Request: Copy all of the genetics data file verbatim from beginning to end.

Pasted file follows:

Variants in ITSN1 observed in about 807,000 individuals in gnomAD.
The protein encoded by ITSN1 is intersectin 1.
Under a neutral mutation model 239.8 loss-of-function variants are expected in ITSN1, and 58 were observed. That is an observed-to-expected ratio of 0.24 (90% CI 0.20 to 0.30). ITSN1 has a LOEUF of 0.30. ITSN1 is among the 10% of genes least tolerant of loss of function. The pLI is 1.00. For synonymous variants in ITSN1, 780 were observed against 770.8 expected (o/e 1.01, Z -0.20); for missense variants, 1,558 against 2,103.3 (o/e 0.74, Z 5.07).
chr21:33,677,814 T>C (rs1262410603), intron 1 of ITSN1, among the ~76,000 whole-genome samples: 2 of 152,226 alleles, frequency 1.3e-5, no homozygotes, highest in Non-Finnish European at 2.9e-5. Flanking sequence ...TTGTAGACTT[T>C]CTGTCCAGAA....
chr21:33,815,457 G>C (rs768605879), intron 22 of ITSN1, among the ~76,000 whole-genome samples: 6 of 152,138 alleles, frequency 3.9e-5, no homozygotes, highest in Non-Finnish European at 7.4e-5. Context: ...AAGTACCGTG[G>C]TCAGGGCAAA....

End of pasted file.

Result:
Variants in ITSN1 observed in about 807,000 individuals in gnomAD.
The protein encoded by ITSN1 is intersectin 1.
Under a neutral mutation model 239.8 loss-of-function variants are expected in ITSN1, and 58 were observed. That is an observed-to-expected ratio of 0.24 (90% CI 0.20 to 0.30). ITSN1 has a LOEUF of 0.30. ITSN1 is among the 10% of genes least tolerant of loss of function. The pLI is 1.00. For synonymous variants in ITSN1, 780 were observed against 770.8 expected (o/e 1.01, Z -0.20); for missense variants, 1,558 against 2,103.3 (o/e 0.74, Z 5.07).
chr21:33,677,814 T>C (rs1262410603), intron 1 of ITSN1, among the ~76,000 whole-genome samples: 2 of 152,226 alleles, frequency 1.3e-5, no homozygotes, highest in Non-Finnish European at 2.9e-5. Flanking sequence ...TTGTAGACTT[T>C]CTGTCCAGAA....
chr21:33,815,457 G>C (rs768605879), intron 22 of ITSN1, among the ~76,000 whole-genome samples: 6 of 152,138 alleles, frequency 3.9e-5, no homozygotes, highest in Non-Finnish European at 7.4e-5. Context: ...AAGTACCGTG[G>C]TCAGGGCAAA....